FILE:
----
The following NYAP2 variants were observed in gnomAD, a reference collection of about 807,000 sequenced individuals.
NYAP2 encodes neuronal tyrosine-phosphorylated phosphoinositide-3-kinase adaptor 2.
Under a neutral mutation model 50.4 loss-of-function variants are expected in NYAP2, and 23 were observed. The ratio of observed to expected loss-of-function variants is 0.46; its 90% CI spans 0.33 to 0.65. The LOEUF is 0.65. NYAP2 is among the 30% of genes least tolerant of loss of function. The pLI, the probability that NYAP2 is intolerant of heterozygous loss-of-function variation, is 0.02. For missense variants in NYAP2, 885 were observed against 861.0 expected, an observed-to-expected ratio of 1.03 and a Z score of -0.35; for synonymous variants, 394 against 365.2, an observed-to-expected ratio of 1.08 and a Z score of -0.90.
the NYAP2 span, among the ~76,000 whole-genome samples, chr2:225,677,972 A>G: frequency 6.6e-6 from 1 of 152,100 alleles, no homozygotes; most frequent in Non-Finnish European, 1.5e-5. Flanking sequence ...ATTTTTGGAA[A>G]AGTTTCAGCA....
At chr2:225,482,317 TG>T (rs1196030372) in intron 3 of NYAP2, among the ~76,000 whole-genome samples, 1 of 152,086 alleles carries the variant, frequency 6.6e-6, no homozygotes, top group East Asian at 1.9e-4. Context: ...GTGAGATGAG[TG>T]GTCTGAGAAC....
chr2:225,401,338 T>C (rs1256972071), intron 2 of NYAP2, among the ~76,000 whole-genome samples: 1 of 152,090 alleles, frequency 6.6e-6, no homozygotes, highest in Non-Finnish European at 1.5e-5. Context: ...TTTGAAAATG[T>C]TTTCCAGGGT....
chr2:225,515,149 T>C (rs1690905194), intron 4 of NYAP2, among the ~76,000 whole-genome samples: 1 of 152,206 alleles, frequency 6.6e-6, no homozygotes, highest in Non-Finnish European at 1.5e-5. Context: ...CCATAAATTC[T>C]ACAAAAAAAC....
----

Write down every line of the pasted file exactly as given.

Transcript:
The following NYAP2 variants were observed in gnomAD, a reference collection of about 807,000 sequenced individuals.
NYAP2 encodes neuronal tyrosine-phosphorylated phosphoinositide-3-kinase adaptor 2.
Under a neutral mutation model 50.4 loss-of-function variants are expected in NYAP2, and 23 were observed. The ratio of observed to expected loss-of-function variants is 0.46; its 90% CI spans 0.33 to 0.65. The LOEUF is 0.65. NYAP2 is among the 30% of genes least tolerant of loss of function. The pLI, the probability that NYAP2 is intolerant of heterozygous loss-of-function variation, is 0.02. For missense variants in NYAP2, 885 were observed against 861.0 expected, an observed-to-expected ratio of 1.03 and a Z score of -0.35; for synonymous variants, 394 against 365.2, an observed-to-expected ratio of 1.08 and a Z score of -0.90.
the NYAP2 span, among the ~76,000 whole-genome samples, chr2:225,677,972 A>G: frequency 6.6e-6 from 1 of 152,100 alleles, no homozygotes; most frequent in Non-Finnish European, 1.5e-5. Flanking sequence ...ATTTTTGGAA[A>G]AGTTTCAGCA....
At chr2:225,482,317 TG>T (rs1196030372) in intron 3 of NYAP2, among the ~76,000 whole-genome samples, 1 of 152,086 alleles carries the variant, frequency 6.6e-6, no homozygotes, top group East Asian at 1.9e-4. Context: ...GTGAGATGAG[TG>T]GTCTGAGAAC....
chr2:225,401,338 T>C (rs1256972071), intron 2 of NYAP2, among the ~76,000 whole-genome samples: 1 of 152,090 alleles, frequency 6.6e-6, no homozygotes, highest in Non-Finnish European at 1.5e-5. Context: ...TTTGAAAATG[T>C]TTTCCAGGGT....
chr2:225,515,149 T>C (rs1690905194), intron 4 of NYAP2, among the ~76,000 whole-genome samples: 1 of 152,206 alleles, frequency 6.6e-6, no homozygotes, highest in Non-Finnish European at 1.5e-5. Context: ...CCATAAATTC[T>C]ACAAAAAAAC....